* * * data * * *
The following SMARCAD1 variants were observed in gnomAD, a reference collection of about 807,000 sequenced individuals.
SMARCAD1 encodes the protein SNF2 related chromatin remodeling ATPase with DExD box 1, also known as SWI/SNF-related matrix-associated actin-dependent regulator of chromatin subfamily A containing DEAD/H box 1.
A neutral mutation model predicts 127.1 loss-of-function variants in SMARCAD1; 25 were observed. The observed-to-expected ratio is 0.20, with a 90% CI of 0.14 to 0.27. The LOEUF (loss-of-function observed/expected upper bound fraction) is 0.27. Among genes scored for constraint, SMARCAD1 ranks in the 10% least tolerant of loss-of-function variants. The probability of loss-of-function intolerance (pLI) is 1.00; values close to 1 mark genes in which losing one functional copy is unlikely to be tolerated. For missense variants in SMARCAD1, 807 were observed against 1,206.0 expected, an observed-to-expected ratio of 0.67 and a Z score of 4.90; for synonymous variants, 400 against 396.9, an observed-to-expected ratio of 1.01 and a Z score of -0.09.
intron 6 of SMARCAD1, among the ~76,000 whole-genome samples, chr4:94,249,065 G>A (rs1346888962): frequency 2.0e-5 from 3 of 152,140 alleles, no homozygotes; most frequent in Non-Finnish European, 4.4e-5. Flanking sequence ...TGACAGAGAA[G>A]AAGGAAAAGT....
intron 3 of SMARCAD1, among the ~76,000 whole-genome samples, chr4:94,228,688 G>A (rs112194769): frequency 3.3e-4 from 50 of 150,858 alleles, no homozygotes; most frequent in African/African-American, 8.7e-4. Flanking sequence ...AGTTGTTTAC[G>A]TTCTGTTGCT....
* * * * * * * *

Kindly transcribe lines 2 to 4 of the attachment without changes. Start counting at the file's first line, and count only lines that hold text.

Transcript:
SMARCAD1 encodes the protein SNF2 related chromatin remodeling ATPase with DExD box 1, also known as SWI/SNF-related matrix-associated actin-dependent regulator of chromatin subfamily A containing DEAD/H box 1.
A neutral mutation model predicts 127.1 loss-of-function variants in SMARCAD1; 25 were observed. The observed-to-expected ratio is 0.20, with a 90% CI of 0.14 to 0.27. The LOEUF (loss-of-function observed/expected upper bound fraction) is 0.27. Among genes scored for constraint, SMARCAD1 ranks in the 10% least tolerant of loss-of-function variants. The probability of loss-of-function intolerance (pLI) is 1.00; values close to 1 mark genes in which losing one functional copy is unlikely to be tolerated. For missense variants in SMARCAD1, 807 were observed against 1,206.0 expected, an observed-to-expected ratio of 0.67 and a Z score of 4.90; for synonymous variants, 400 against 396.9, an observed-to-expected ratio of 1.01 and a Z score of -0.09.
intron 6 of SMARCAD1, among the ~76,000 whole-genome samples, chr4:94,249,065 G>A (rs1346888962): frequency 2.0e-5 from 3 of 152,140 alleles, no homozygotes; most frequent in Non-Finnish European, 4.4e-5. Flanking sequence ...TGACAGAGAA[G>A]AAGGAAAAGT....